YMCA coach uses pink uniforms to show support for breast cancer

Published 11:50 pm Saturday, October 10, 2015

For the past two years, Deonta Selvy has dressed his youth football teams in a custom pink uniform during the month of October for breast cancer awareness. He coaches a kindergarten through second-grade team and a fifth- though sixth-grade team at the Purks YMCA.

Selvy started the uniforms because he wanted to show his players and the community what it’s like to support a cause. The disease hasn’t personally affected him, but he has known a woman who won her battle.

He also participates in the breast cancer awareness trend by wearing pink sleeves and a skullcap on the sidelines.

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“I’m all about supporting a cause. To let people know we understand and support them throughout the journey of survivors and the ones who didn’t survive,” Selvy said.

The Bowmar Bears are the only team wearing the breast cancer uniforms at the YMCA. Parents were on board with the pink uniforms when Selvy first mentioned the idea.

“Anything I do they know it’s for a good cause,” Selvy said. “When I brought it to them, they thought it was a cool idea. Not only by us being the only ones who wear them, but also showing the people we care.”

When the Bears first started wearing pink, players asked — as most boys ages 5 through 10 would — “Why do we have to wear pink?”

Selvy explained to them that it’s about supporting the survivors and the ones who lost their lives to the illness.

“Why not support?” Selvy said. “Nobody else is doing it so let me take a stand for the Y and let people know I do care and we support breast cancer awareness.”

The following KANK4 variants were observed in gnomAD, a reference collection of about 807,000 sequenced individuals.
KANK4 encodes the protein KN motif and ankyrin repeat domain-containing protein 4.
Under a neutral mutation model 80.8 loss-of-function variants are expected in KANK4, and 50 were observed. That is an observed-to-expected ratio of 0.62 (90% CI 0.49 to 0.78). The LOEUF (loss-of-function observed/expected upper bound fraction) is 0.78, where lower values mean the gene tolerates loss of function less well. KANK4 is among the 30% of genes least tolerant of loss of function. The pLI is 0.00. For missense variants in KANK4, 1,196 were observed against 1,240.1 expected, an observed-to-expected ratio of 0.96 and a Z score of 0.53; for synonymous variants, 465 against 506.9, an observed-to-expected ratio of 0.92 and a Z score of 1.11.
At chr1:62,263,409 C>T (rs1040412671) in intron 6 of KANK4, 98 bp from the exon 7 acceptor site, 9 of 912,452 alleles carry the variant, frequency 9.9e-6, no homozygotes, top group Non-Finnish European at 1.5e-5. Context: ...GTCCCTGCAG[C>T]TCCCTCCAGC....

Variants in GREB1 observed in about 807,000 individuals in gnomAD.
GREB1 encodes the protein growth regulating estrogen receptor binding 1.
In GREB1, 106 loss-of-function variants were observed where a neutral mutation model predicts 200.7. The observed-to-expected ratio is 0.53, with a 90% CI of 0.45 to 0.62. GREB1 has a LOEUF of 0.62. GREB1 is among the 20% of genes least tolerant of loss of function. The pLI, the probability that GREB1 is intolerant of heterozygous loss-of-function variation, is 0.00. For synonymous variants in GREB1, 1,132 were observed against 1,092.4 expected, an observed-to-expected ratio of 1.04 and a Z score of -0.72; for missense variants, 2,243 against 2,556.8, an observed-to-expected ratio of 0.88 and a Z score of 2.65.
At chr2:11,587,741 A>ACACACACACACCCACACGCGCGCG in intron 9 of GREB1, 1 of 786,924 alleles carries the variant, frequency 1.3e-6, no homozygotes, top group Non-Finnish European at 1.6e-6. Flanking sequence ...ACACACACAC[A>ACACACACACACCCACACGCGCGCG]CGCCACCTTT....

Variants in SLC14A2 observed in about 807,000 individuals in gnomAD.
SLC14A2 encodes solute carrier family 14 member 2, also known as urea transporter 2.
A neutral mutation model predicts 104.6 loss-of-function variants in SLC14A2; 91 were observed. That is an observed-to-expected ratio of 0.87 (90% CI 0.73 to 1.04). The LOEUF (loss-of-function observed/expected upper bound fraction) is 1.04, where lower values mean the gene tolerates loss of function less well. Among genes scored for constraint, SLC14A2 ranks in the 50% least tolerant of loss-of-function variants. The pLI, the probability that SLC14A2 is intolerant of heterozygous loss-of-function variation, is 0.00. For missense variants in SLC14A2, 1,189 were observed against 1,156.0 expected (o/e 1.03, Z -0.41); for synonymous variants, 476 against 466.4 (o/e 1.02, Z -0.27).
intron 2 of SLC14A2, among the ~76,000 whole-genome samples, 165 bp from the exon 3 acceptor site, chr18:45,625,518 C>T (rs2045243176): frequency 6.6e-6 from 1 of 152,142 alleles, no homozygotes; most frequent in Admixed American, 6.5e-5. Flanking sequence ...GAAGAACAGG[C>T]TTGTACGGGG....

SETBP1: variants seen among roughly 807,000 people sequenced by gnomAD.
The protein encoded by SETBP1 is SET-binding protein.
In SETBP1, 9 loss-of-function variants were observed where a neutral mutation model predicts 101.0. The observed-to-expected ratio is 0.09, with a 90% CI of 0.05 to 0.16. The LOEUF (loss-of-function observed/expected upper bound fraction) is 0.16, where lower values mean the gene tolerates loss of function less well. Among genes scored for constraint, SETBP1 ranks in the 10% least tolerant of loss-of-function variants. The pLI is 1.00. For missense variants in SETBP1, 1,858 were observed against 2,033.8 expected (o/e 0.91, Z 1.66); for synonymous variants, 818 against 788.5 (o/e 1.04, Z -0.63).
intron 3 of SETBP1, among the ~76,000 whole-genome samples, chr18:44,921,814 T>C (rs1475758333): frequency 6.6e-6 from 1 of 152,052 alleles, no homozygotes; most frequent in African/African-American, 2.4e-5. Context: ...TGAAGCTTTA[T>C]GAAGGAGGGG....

This year, Hobie’s Sports and Outdoors designed the uniforms for the Bears. Just Do It Sports made them last year.

Jason Martin-Nez, owner of Hobie’s, said the process to design the neon pink uniforms is fairly easy.

“It can affect you at any time and it’s great people are providing awareness to it. Anything that can shine more light on it is a good thing,” Martin-Nez said.

Hobie’s does the regular youth football uniforms for the YMCA and has dabbled with pink uniform accessories before by selling pink gloves, socks and anything else that can be worn on a football field.

Among the local high school teams, Porters Chapel Academy and Vicksburg High have sported pink socks, towels, wristbands and other accessories in games this month.

Selvy has no intention of ending his visual support of breast cancer.

“We’re going to support breast cancer year round until otherwise. It shows people I care as an individual. You don’t have to go through this struggle by yourself you got somebody supporting you,” he said.

It’s important for him to teach his players to stand up for a cause, since he looks at himself as a role model. When he walks into the building his players’ faces light up and he gets joy from it.

“Some kids are less fortunate and need somebody to look up to. I love to see a kid go from this person of madness and frustration to happy and enjoying life,” Selvy said. “You deal with a lot of kids and their attitudes. It’s an adjustment for me but at the end I can go to sleep at night knowing that I affected somebody’s child in a good way.”